The noble Baroness drew attention to arms sales by the United States of America. We will of course keep a close watch on what eventually happens in the United States—as will my colleagues in the department. She also mentioned the dreadful incident of the death of Mr Khashoggi. It is an appalling state of affairs that Mr Khashoggi died, but it has no relationship to the criteria for export sales. She asked me a number of other questions to which I shall reply to her in writing, if that is sufficient.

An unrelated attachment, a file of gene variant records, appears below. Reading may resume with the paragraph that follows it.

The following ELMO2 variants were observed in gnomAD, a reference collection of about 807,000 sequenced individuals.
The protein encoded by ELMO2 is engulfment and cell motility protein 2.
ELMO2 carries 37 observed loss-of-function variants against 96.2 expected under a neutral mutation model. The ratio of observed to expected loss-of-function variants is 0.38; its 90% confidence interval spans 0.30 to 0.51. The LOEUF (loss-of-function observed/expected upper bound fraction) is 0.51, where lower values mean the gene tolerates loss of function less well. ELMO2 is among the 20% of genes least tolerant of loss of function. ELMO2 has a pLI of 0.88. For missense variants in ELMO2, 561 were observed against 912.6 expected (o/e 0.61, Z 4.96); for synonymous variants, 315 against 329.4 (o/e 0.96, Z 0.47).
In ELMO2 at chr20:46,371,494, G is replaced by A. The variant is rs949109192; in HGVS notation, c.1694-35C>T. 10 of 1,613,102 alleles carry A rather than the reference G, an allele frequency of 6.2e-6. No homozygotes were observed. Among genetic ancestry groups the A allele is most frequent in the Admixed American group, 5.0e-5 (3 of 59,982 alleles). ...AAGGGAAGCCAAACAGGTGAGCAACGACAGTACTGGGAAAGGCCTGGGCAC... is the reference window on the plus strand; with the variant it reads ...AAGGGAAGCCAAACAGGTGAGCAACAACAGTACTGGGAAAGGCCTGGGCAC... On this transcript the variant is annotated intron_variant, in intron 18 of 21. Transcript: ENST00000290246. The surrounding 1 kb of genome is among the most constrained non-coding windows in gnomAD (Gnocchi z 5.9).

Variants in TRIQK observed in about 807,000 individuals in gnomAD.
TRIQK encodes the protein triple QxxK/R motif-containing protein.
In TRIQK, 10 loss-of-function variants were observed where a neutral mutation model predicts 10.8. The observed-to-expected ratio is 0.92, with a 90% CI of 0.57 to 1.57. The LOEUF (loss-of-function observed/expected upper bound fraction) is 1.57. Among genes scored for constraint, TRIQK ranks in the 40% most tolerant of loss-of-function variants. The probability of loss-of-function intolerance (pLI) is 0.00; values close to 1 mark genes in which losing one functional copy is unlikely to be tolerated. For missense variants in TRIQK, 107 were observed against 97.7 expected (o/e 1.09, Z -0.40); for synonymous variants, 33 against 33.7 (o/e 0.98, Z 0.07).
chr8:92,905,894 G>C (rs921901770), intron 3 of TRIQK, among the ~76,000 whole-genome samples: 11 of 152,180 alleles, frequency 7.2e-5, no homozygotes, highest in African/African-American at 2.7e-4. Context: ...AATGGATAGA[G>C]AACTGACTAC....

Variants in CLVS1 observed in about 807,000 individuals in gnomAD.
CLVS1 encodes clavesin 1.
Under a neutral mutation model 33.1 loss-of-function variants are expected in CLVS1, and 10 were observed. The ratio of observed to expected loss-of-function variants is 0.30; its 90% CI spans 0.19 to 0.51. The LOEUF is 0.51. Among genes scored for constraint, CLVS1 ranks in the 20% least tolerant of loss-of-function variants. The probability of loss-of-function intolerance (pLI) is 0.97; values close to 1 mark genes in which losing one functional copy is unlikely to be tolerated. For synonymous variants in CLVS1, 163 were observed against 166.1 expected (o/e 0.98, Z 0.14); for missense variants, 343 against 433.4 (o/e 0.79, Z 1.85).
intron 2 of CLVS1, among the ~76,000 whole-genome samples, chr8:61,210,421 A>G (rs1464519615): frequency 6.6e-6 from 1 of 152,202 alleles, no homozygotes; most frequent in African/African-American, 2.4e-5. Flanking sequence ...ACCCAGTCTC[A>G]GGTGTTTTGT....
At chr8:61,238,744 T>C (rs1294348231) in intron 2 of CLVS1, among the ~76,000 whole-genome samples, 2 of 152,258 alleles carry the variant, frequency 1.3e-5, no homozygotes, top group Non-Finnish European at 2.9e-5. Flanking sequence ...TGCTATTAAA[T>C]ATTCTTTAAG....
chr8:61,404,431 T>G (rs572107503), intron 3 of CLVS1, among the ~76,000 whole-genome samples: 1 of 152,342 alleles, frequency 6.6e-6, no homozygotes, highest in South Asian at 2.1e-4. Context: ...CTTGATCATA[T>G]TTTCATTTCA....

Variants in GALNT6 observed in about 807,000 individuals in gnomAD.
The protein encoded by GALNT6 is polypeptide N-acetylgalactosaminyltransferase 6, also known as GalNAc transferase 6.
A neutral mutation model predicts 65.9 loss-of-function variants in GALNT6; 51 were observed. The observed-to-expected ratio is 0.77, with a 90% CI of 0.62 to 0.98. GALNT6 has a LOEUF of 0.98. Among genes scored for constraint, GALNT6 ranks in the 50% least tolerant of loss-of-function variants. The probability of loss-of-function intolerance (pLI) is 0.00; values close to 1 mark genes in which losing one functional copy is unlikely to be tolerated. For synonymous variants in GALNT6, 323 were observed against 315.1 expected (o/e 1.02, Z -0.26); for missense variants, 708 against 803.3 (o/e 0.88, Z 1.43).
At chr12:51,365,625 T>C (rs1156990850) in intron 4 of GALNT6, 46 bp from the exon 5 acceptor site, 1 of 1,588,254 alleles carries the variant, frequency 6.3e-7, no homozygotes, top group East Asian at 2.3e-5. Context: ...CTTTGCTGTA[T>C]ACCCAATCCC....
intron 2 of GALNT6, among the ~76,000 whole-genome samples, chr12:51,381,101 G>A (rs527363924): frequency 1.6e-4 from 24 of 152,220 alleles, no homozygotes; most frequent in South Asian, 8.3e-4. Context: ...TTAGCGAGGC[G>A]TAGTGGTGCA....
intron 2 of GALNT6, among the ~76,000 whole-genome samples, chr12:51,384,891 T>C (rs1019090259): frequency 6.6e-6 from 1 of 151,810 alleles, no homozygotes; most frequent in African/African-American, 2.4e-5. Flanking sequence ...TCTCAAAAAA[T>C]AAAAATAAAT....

My Lords, the noble Baroness, Lady Northover, reminds us that this judgment has similarities with the recommendations of your Lordships’ International Relations Committee when we examined the subject some months ago. We then argued, as is implicit in the judgment, that this is a matter not of suspension but of process. In our report, we argued that there needed to be more rigorous checks on export licences in future, given particular horrific incidents in Yemen of a kind which, sadly, continue and have shocked the entire world. We also argued in that short report that we needed to be less reliant on Saudi and local sources for verification and inspection of incidents. In the Statement, the noble Earl mentioned the processes by which decisions are reached when terrible things happen on whether British armaments could be in any way involved. We took evidence to the effect that there was a rather heavy reliance on local reports from the Saudi region and the Saudi authorities, and suggested that that was too great and that other sources of checking and verification would be an improvement. Can the Minister assure me that, whatever the legal outcome of this process, with the appeal and all the rest, those common-sense moves for much more rigorous checks on export licences and less reliance on the say-so of authentication coming from Saudi Arabia itself will be made?